What does it mean to be normal? Is it possible to define what it is that makes a 'normal human experience'? Is there such a thing and who gets to decide what that is?
It seems like such a silly thing to consider really. When I contemplate these questions I am left pondering, why would anyone set out to define it? Yet that seems to be what we have done in our society.
I've just spent the weekend speaking to people at the WOMADelaide festival, with the Many Voices Collective, about how we might start to change the conversations we have about what we call 'mental illness'.
I spoke to a wonderful aboriginal woman who was part of the stolen generation and I was struck yet again with the idea that our society has sought to make some people and their experiences, beliefs and even culture, "normal" and others abnormal. This is so blatant in what has happened in our country with how we have treated and continue to treat Aboriginal and Torres Strait Islander people (even though this is still not fully understood by our wider society).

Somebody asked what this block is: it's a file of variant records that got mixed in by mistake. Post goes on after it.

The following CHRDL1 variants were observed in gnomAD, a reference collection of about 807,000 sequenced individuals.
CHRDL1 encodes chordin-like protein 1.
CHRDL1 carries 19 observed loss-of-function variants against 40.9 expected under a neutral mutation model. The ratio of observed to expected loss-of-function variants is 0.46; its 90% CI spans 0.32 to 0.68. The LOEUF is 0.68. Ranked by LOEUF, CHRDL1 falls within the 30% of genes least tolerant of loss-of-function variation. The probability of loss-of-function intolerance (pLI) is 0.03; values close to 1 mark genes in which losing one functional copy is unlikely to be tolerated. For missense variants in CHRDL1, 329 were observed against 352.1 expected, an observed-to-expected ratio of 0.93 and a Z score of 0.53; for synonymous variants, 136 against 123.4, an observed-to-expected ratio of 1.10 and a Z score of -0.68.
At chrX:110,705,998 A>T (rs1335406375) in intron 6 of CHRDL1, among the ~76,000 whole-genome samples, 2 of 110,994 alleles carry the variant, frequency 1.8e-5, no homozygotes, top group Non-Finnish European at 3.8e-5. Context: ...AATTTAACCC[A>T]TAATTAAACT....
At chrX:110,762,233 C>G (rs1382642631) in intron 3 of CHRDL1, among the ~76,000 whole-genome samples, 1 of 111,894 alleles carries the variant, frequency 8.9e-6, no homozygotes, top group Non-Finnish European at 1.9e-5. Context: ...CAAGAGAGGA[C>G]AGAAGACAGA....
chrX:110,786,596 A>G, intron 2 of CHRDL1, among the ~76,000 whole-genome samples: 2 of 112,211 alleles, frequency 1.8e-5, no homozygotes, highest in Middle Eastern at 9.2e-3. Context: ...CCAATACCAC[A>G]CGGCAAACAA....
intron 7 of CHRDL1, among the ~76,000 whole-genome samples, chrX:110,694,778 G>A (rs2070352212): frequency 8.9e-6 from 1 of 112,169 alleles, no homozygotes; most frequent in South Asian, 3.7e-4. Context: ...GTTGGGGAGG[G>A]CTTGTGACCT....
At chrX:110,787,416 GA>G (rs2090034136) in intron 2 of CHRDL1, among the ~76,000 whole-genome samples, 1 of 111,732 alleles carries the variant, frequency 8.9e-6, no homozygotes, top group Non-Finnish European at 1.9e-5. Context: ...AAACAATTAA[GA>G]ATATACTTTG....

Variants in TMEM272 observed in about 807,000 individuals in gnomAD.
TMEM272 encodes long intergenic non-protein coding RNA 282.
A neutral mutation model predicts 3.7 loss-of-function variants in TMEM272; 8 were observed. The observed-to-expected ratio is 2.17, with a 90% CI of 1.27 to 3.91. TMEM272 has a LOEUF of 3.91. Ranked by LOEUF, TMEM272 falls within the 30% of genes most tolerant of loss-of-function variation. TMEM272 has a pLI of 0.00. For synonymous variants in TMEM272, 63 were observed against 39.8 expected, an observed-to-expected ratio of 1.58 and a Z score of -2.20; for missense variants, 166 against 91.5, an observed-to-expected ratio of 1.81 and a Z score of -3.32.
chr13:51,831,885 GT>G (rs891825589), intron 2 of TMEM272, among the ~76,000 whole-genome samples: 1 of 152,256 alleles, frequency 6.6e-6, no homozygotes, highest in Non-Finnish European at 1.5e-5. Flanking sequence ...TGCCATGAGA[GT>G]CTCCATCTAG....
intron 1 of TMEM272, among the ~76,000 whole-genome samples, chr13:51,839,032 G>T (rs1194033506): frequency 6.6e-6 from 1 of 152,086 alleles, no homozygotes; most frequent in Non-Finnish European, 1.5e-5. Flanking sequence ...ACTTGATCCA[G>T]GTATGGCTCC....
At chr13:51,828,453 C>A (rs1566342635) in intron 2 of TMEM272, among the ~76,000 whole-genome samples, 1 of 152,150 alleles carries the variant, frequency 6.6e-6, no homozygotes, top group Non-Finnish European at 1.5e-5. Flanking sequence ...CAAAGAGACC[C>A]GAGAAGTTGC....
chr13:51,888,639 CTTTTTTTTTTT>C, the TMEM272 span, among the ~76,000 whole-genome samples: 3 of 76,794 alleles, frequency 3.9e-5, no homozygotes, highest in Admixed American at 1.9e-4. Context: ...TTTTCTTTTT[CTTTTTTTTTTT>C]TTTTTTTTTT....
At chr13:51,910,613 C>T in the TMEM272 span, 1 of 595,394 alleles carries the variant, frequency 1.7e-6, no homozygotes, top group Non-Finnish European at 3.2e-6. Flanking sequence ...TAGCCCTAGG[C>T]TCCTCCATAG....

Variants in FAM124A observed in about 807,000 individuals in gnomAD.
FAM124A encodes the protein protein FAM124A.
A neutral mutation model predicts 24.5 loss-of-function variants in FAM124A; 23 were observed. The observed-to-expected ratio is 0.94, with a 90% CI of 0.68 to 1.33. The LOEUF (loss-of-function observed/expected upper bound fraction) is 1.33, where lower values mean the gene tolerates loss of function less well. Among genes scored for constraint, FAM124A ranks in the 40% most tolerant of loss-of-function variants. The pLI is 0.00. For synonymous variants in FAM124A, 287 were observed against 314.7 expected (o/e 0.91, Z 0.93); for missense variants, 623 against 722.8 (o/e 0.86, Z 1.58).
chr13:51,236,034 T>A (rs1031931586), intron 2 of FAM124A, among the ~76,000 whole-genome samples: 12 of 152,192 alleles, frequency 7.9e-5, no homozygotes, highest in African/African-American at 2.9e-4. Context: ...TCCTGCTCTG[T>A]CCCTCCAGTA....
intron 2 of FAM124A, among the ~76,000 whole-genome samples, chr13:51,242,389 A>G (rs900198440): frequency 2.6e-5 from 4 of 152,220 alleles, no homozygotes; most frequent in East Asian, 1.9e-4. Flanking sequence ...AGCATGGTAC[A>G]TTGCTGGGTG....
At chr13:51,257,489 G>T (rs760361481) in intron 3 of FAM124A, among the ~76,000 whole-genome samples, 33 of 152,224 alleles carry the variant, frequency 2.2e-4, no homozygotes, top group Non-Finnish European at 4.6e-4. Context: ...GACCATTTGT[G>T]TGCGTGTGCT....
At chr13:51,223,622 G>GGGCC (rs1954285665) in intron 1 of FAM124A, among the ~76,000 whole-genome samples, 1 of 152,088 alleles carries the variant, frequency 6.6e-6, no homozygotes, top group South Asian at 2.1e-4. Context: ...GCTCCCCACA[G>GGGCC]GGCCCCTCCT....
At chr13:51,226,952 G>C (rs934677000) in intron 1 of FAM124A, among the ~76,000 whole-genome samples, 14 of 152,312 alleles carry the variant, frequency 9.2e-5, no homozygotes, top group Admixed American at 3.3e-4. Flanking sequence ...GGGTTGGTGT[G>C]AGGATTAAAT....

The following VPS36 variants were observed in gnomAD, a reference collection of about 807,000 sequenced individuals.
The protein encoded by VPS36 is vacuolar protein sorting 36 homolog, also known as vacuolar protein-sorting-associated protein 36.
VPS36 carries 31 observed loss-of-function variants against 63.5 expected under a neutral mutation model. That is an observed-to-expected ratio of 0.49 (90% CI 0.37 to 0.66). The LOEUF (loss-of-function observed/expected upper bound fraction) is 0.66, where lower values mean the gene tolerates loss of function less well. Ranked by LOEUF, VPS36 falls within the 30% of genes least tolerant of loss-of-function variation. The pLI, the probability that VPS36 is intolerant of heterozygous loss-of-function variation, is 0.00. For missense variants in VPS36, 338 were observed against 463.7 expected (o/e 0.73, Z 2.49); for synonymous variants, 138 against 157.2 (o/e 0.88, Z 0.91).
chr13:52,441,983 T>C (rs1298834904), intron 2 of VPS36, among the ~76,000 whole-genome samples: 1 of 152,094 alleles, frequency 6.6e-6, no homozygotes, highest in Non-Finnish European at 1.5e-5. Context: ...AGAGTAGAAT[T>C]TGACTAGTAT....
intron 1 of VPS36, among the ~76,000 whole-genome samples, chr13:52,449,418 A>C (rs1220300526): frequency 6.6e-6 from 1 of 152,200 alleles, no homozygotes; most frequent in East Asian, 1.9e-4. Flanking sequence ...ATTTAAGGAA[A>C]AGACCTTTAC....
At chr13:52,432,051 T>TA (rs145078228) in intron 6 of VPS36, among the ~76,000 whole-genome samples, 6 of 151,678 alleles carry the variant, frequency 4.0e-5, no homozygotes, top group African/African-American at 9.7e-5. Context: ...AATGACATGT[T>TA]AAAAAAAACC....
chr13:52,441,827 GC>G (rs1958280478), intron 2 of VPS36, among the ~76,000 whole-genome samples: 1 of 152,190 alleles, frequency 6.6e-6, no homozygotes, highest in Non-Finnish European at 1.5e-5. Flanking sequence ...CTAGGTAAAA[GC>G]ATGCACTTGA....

Then I think about how the "colonization of our thinking" (to quote Will Hall), is less obvious in how we view what is often called 'Mental Illness'. Have we noticed the ever narrowing definition of what we call normal, or is it so insidious we have just been caught up in it and now agree with it.
I watched a beautiful video tonight where Will Hall talks about how, in the 1960's, the gay rights movement pressured psychiatry to see human difference as normal. They did not seek to change themselves, they fought to end the isolation and powerlessness that society had thrust upon them.
What if we fought for our society to see mental distress as part of the continuum of normal? Maybe we would be less afraid of alternative experiences. Maybe if we stopped scaring ourselves we could stop scaring people who are often already quite frightened by their experiences.
Maybe we could change the conversation from attempting to 'fix' a person to seeking to connect and understand a person. Maybe in doing so we would lessen people's experiences of isolation and powerlessness.
When I speak to people about their experiences of psychosis, suicidal thinking or other forms of distress they often speak about how terrifyingly alone they feel. They speak of not knowing who could help them and how they might find a way to feel less flooded by their experiences.
I'd like to think of a time, in the near future, when as a society we might be just as comfortable speaking to someone going through a distressing experience, as we are now (mostly) comfortable speaking to a gay person about 'coming out'.
Here is the Will Hall video that has touched me so deeply tonight. Enjoy these 13 minutes of inspiration.